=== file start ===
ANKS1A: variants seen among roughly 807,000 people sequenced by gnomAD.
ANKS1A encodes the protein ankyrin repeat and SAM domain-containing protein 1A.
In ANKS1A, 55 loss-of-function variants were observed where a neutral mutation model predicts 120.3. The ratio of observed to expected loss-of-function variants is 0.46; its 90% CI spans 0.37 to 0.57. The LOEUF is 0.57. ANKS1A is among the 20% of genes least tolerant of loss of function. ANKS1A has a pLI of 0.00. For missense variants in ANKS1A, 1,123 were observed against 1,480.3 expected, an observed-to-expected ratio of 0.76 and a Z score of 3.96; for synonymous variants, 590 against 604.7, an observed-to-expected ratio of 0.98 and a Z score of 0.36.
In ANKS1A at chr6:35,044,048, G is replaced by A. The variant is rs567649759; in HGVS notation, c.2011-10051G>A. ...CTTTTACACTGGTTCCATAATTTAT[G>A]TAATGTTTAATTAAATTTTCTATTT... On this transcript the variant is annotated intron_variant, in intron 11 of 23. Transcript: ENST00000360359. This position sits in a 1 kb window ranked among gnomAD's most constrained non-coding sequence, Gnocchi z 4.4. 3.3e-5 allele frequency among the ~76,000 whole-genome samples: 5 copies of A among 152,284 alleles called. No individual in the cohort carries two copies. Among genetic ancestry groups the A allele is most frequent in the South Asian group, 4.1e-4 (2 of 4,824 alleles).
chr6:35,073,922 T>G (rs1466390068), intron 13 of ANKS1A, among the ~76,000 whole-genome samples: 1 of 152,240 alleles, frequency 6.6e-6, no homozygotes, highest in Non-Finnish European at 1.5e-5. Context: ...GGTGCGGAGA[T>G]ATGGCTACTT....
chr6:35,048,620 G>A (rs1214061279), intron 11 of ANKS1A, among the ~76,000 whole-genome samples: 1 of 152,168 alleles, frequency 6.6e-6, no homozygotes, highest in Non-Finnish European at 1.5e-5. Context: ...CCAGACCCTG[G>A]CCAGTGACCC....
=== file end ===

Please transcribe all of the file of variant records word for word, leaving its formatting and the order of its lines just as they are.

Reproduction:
ANKS1A: variants seen among roughly 807,000 people sequenced by gnomAD.
ANKS1A encodes the protein ankyrin repeat and SAM domain-containing protein 1A.
In ANKS1A, 55 loss-of-function variants were observed where a neutral mutation model predicts 120.3. The ratio of observed to expected loss-of-function variants is 0.46; its 90% CI spans 0.37 to 0.57. The LOEUF is 0.57. ANKS1A is among the 20% of genes least tolerant of loss of function. ANKS1A has a pLI of 0.00. For missense variants in ANKS1A, 1,123 were observed against 1,480.3 expected, an observed-to-expected ratio of 0.76 and a Z score of 3.96; for synonymous variants, 590 against 604.7, an observed-to-expected ratio of 0.98 and a Z score of 0.36.
In ANKS1A at chr6:35,044,048, G is replaced by A. The variant is rs567649759; in HGVS notation, c.2011-10051G>A. ...CTTTTACACTGGTTCCATAATTTAT[G>A]TAATGTTTAATTAAATTTTCTATTT... On this transcript the variant is annotated intron_variant, in intron 11 of 23. Transcript: ENST00000360359. This position sits in a 1 kb window ranked among gnomAD's most constrained non-coding sequence, Gnocchi z 4.4. 3.3e-5 allele frequency among the ~76,000 whole-genome samples: 5 copies of A among 152,284 alleles called. No individual in the cohort carries two copies. Among genetic ancestry groups the A allele is most frequent in the South Asian group, 4.1e-4 (2 of 4,824 alleles).
chr6:35,073,922 T>G (rs1466390068), intron 13 of ANKS1A, among the ~76,000 whole-genome samples: 1 of 152,240 alleles, frequency 6.6e-6, no homozygotes, highest in Non-Finnish European at 1.5e-5. Context: ...GGTGCGGAGA[T>G]ATGGCTACTT....
chr6:35,048,620 G>A (rs1214061279), intron 11 of ANKS1A, among the ~76,000 whole-genome samples: 1 of 152,168 alleles, frequency 6.6e-6, no homozygotes, highest in Non-Finnish European at 1.5e-5. Context: ...CCAGACCCTG[G>A]CCAGTGACCC....